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Guest Opinion: Marching farther together

by Délara Shadfar

A mural was created on Broadway in Oakland after the Black Lives Matter protests earlier this summer. Photo: Cynthia Laird
A mural was created on Broadway in Oakland after the Black Lives Matter protests earlier this summer. Photo: Cynthia Laird  

As a teenager starting to discover who I am, I'm also discovering the world and its problems. This past year, I figured out that I identify as gender fluid. It was long and confusing to get there. I wasn't exposed enough to even know the choices, and it took effort to find the labels that felt comfortable so that I didn't have to explain everything so much every time. Now that I've figured it out, it gives me a level of comfort. It's easier. I have words to tell the world how I feel on the inside.

While discovering a lot about myself over the past few years, I was also learning about racism, civil rights, and the LGBTQ+ rights movements — current and historical. It was during a project at school supported by World Savvy, a nonprofit that works with thousands of teachers across the country to prepare students for complex, real-world challenges, when I began to think about the intersection of the struggle for equality by race, gender, and sexual identity. I realized that people are being oppressed locally and globally for things they cannot change, something that they are born with.

Near the beginning of the 2019-20 academic year, I noticed that my school wasn't having enough conversation on LGBTQ+ topics so I started a club for people in the LGBTQ+ community to talk to others who have had similar experiences. When we started distance learning in March, I continued to lead the club online because I knew many of the people in it were not out at home, or weren't in supportive environments, and I wanted to continue to give them a space to be themselves. Fostering an inclusive space felt even more important than it already was because we were all stuck at home. Our conversations in the club were usually just normal everyday socializing — we would talk about class, we helped one of the members come out to his parents, we watched LGBTQ+ movies, whatever we wanted to do as long as we were with people who understood. I really tried my best to make the club completely confidential, a safe space to be yourself without judgment.

When I started the club online the conversations touched on the coronavirus and, when the Black Lives Matter movement sparked up, we started talking about the protests and racism. One of the members of my club who had gone to an Oakland protest was tear gassed for peacefully protesting. Although I had already heard many things on the news, it felt more real hearing about it from someone I know. The news had portrayed the protesters as violent instigators for looting, rioting, and "destroying the country." I tried to listen more to what people I know were saying because the media can twist things up, and we often connect more easily with an issue when we hear about it from someone familiar. In that same vein, I hope that being open about my gender fluid identity helps others understand not just me, but gender constructs, a little bit more.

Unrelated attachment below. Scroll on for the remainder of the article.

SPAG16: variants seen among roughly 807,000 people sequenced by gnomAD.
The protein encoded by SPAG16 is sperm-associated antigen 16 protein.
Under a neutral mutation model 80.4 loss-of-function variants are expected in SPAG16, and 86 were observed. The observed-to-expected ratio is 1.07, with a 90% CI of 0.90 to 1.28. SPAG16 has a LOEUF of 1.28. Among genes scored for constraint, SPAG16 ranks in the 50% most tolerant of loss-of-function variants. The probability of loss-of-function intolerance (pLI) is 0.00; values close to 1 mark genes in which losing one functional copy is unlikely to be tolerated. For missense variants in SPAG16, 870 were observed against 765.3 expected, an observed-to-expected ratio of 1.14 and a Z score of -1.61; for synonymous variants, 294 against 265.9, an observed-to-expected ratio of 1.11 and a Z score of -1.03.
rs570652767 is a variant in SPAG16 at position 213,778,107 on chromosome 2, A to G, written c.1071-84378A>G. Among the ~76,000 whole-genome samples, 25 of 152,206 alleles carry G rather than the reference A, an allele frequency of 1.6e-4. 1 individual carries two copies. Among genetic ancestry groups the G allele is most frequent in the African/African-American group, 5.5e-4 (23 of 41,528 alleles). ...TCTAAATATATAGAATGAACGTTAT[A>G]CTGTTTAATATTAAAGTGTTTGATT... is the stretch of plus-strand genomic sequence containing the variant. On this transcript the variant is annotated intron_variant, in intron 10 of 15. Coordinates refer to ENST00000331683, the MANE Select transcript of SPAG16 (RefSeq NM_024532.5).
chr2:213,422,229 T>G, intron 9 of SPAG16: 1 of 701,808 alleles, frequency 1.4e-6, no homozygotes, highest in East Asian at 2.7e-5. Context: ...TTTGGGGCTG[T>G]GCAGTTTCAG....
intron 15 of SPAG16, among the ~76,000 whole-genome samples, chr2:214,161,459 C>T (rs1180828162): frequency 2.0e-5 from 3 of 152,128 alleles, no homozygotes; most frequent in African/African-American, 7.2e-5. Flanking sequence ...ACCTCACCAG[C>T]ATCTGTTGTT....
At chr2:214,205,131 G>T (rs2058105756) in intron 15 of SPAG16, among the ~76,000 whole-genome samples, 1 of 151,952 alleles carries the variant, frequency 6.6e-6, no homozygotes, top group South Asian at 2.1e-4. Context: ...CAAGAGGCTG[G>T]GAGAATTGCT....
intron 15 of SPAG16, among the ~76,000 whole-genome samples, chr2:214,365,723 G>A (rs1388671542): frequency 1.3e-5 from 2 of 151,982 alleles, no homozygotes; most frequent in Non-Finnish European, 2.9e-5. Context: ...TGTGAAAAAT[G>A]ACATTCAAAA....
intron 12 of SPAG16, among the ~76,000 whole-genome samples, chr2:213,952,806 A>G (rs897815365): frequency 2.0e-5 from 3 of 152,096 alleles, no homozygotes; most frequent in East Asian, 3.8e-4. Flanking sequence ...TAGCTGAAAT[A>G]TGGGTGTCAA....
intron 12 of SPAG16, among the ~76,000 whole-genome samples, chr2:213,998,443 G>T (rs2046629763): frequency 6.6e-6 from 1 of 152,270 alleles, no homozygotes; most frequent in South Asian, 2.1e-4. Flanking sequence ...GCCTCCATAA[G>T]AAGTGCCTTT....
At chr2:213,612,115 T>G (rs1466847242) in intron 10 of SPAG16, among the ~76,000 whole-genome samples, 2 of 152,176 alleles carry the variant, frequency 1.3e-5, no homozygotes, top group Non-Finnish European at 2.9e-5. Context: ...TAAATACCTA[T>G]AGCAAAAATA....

By the end of the school year, I started coming to my Zoom classes with a Pride flag on one cheek and BLM on the other, and I signed any petitions I could find. On Friday, April 24, I participated in the "Day of Silence" hosted by GLAAD. Most of all, I tried my best to spread the message that I support these two movements and their similarities as much as I could by talking to friends and using social media.

It was online that I realized how many people of the LGBTQ+ community aren't supporting the Black Lives Matter movement because "violence isn't the answer." There is some truth in that statement; I think that violence is a last resort, but since the first ship of enslaved people arrived in the U.S. in 1619, Black people have been oppressed, and they have a right to be angry, express their outrage, and question the effects of merely protesting peacefully. Furthermore, how can there be peaceful protests while police are escalating violence? Martin Luther King Jr. said in his Letter from Birmingham, "The purpose of ... direct action is to create a situation so crisis-packed that it will inevitably open the door to negotiation." Protests and boycotts he led resulted in police brutality, the firebombing of his home, police using high-pressure water hoses and dogs on protesters, some of whom were children. His protests also led to the Civil Rights Act.

The modern movement for LGBTQ+ rights, inspired by the Black and women's rights movements, began with the 1969 Stonewall riots, which were led in part by a Black trans woman, Marsha P. Johnson, and a Latinx drag queen, Sylvia Rivera. The riots began after the Stonewall Inn was raided by the police, which triggered the LGBTQ+ community to resist the officers.

I personally agree with rioting and looting when peaceful protests aren't working; Black people have been oppressed for so long and people are sick of just standing with signs while more Black people are getting killed and/or harassed because of the color of their skin. So for all the people in either the Black community or the LGBTQ+ community, I ask you to look at each other and your similarities and struggles and build each other up, not tear each other down. We'll get farther when we march together.

Délara Shadfar is 13 years old and will be entering eighth grade in the fall at Ecole Bilingue in Berkeley, California.

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